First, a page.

Thrombocytopenia in neonates is defined as a platelet count of less than 150 × 109/L. The prevalence of thrombocytopenia in healthy term infants is 1%–2%, whereas up to 35% of neonates admitted to intensive care units may have low platelet counts.1 There are developmental differences in megakaryopoiesis between neonates and older children. Neonatal megakaryocytes are less capable of upregulating platelet production or mounting as high a level of thrombopoietin (Tpo) when compared to adults with the same degree of thrombocytopenia.2 These developmental differences account for the vulnerability of sick neonates to thrombocytopenia.
The major causes of neonatal thrombocytopenia are increased platelet consumption or decreased platelet production. However, both mechanisms can contribute to thrombocytopenia in any given patient, particularly in sick or premature neonates.
Clinical Findings: History and Physical
A detailed medical history and physical examination will guide the diagnostic approach to thrombocytopenia. Medical history and complications during pregnancy are important because many maternal factors can cause neonatal thrombocytopenia. Maternal drugs and antibodies that cross the placenta can affect an infant’s platelet count. Complications during pregnancy that result in chronic fetal hypoxia or intrauterine growth retardation (IUGR) are frequent causes of early-onset neonatal thrombocytopenia.3 Causes of chronic fetal hypoxia and IUGR include pregnancy-induced hypertension or diabetes, placental insufficiency, and placental infarction or malformation. Perinatal asphyxia is another common cause of early-onset thrombocytopenia. Family history of chronic thrombocytopenia suggests a hereditary thrombocytopenia or a genetic syndrome associated with low platelet counts; a family history of previous neonatal thrombocytopenia suggests maternal immune-mediated thrombocytopenia.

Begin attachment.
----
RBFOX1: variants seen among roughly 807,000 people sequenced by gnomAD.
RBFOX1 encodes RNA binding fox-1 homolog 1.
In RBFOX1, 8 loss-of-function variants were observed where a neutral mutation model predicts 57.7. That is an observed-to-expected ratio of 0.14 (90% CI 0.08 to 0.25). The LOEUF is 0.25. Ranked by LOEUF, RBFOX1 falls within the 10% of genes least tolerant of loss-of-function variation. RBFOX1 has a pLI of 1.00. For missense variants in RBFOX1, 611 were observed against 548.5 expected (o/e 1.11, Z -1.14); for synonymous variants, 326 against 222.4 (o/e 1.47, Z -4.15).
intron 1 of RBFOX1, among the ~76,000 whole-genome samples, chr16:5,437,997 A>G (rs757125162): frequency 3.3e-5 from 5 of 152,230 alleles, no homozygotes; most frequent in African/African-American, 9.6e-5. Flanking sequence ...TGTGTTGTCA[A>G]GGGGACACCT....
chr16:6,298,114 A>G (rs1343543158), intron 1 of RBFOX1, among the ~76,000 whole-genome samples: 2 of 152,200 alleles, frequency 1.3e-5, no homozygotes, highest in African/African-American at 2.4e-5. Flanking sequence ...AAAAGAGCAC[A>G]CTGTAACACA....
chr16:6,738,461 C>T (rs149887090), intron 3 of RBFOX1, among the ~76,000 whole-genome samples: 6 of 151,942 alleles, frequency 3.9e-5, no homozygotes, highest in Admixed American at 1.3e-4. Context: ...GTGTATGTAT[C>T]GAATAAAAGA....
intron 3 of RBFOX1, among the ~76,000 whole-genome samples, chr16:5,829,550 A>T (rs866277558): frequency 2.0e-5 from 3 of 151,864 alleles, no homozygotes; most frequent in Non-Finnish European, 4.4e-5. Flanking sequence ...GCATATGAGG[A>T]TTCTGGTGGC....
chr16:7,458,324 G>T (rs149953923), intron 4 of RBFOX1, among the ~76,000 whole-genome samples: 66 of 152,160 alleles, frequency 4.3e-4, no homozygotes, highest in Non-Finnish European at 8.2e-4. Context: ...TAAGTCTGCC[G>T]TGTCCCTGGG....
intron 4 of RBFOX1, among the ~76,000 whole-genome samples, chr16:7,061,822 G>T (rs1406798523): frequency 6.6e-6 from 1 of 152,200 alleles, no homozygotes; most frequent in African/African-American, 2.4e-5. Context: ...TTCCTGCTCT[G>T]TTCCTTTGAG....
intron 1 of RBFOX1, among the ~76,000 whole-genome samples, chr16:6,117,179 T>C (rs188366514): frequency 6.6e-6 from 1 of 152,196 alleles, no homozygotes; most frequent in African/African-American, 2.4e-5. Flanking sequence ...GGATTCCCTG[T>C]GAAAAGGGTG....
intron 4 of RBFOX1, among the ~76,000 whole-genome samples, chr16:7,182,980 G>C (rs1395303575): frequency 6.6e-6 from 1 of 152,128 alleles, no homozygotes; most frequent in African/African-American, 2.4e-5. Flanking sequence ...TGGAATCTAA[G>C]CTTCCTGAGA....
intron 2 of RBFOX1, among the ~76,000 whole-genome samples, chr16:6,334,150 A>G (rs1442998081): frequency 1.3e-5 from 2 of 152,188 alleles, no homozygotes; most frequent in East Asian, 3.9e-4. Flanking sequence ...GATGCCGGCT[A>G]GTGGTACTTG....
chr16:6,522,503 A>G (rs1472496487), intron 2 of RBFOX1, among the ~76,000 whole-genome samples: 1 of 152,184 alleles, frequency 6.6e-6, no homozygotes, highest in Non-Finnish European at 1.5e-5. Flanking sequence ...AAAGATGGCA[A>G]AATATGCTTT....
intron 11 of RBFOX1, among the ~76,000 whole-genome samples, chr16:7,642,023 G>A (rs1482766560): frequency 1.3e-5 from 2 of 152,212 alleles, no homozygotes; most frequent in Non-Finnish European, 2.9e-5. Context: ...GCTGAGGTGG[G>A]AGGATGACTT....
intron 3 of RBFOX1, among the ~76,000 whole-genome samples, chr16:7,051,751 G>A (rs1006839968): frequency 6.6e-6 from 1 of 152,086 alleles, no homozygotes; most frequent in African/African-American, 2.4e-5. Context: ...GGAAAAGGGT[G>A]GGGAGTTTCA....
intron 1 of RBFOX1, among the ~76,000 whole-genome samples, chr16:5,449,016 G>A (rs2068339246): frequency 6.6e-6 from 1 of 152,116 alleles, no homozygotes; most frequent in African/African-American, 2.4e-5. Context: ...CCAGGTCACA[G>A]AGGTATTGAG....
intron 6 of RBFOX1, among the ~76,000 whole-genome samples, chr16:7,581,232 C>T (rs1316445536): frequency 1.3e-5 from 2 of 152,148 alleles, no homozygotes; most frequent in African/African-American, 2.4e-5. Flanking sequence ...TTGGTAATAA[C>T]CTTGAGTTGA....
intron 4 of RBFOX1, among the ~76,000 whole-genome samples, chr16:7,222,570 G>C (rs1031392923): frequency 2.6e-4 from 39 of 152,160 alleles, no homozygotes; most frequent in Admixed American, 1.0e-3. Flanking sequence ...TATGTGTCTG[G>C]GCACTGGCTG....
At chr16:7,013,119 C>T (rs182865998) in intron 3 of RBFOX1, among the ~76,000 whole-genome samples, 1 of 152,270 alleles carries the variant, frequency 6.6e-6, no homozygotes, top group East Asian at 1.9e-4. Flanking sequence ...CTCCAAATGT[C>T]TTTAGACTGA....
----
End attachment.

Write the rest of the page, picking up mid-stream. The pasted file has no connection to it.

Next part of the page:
Physical findings of thrombocytopenia vary with the platelet count and the primary cause of thrombocytopenia. Many neonates are asymptomatic. However, in those who have bleeding manifestations, bruising and petechiae are the most common presenting symptoms, often noted on the face and head secondary to birth trauma. Thrombocytopenia commonly is associated with mucocutaneous bleeding. Bleeding also can occur with trauma following phlebotomy, after intramuscular injections (prophylactic vitamin K or hepatitis vaccine), umbilical stump bleeding, or associated with circumcision. Intra-abdominal bleeding and intracranial hemorrhage (ICH) generally occur only in severe thrombocytopenia (platelet count less than 50 × 109/L). A bulging fontanel, seizures, or other neurologic signs in a thrombocytopenic neonate warrant urgent radiographic evaluation for an intracranial bleed. Sick infants in the intensive care unit also may have bleeding from intravenous sites, surgical sites, or endotracheal tubes.
When a low platelet count is suspected, a complete blood cell count (CBC) with a review of the peripheral blood smear should be done. The diagnostic approach to multilineage cytopenias is different from that for isolated thrombocytopenia. The morphology of platelets as well as red and white blood cells (WBCs) may provide clues to diagnosis. For example, the presence of WBC inclusions and large platelets suggests a hereditary macrothrombocytopenia, and the presence of microangiopathic red blood cell changes will lead to further investigation for disseminated intravascular coagulation (DIC) or other microangiopathic hemolytic processes. Thrombocytopenia is often an incidental finding when a CBC is obtained for assessing other hematologic parameters. In these cases, the primary reason for a CBC may explain the thrombocytopenia (eg, an elevated WBC count in an infant born to mother who has a fever most likely has thrombocytopenia secondary to sepsis). If the clinical picture is not consistent with the degree of thrombocytopenia, the platelet count should be repeated. Spurious thrombocytopenia can be seen with platelet agglutination or platelet satellitism.4 Both are often associated with ethylenediaminetetraacetic acid (EDTA), the anticoagulant in sample collection tubes. If spurious thrombocytopenia is suspected, review of the peripheral blood smear should provide the accurate count.